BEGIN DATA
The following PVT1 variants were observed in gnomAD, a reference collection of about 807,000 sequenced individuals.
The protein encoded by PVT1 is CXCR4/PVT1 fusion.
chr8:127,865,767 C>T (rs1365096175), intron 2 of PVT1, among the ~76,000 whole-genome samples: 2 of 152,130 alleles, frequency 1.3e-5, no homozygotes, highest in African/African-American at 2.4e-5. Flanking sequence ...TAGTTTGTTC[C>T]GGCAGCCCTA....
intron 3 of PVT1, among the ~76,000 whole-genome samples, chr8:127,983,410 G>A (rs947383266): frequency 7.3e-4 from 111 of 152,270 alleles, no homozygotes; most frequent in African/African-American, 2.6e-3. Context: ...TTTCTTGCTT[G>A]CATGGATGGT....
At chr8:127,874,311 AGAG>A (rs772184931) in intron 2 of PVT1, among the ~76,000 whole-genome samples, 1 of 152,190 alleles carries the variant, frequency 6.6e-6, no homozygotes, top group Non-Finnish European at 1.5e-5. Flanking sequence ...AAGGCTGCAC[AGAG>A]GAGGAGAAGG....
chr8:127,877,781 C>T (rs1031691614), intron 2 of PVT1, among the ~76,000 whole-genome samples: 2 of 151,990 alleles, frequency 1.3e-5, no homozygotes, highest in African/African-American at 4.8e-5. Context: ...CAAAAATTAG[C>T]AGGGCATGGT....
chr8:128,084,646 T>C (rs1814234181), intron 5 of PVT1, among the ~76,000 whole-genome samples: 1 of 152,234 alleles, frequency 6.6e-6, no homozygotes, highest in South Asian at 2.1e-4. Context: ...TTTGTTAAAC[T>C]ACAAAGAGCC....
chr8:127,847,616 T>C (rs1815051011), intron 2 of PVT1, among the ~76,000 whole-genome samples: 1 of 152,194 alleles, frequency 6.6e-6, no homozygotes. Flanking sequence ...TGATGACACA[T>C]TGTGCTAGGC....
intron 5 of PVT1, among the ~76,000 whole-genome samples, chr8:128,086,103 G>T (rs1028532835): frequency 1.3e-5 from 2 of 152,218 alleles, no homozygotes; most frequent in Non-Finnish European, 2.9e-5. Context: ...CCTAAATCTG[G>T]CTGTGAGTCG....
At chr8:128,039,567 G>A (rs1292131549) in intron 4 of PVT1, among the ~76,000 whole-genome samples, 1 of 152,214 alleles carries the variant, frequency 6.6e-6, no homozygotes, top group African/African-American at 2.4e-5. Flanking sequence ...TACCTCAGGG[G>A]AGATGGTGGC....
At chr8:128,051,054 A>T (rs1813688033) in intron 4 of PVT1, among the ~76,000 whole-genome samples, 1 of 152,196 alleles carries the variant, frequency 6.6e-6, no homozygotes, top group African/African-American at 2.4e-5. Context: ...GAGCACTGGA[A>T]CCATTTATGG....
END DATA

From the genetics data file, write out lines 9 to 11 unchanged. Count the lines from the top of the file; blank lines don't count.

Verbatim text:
intron 5 of PVT1, among the ~76,000 whole-genome samples, chr8:128,086,103 G>T (rs1028532835): frequency 1.3e-5 from 2 of 152,218 alleles, no homozygotes; most frequent in Non-Finnish European, 2.9e-5. Context: ...CCTAAATCTG[G>T]CTGTGAGTCG....
At chr8:128,039,567 G>A (rs1292131549) in intron 4 of PVT1, among the ~76,000 whole-genome samples, 1 of 152,214 alleles carries the variant, frequency 6.6e-6, no homozygotes, top group African/African-American at 2.4e-5. Flanking sequence ...TACCTCAGGG[G>A]AGATGGTGGC....
At chr8:128,051,054 A>T (rs1813688033) in intron 4 of PVT1, among the ~76,000 whole-genome samples, 1 of 152,196 alleles carries the variant, frequency 6.6e-6, no homozygotes, top group African/African-American at 2.4e-5. Context: ...GAGCACTGGA[A>T]CCATTTATGG....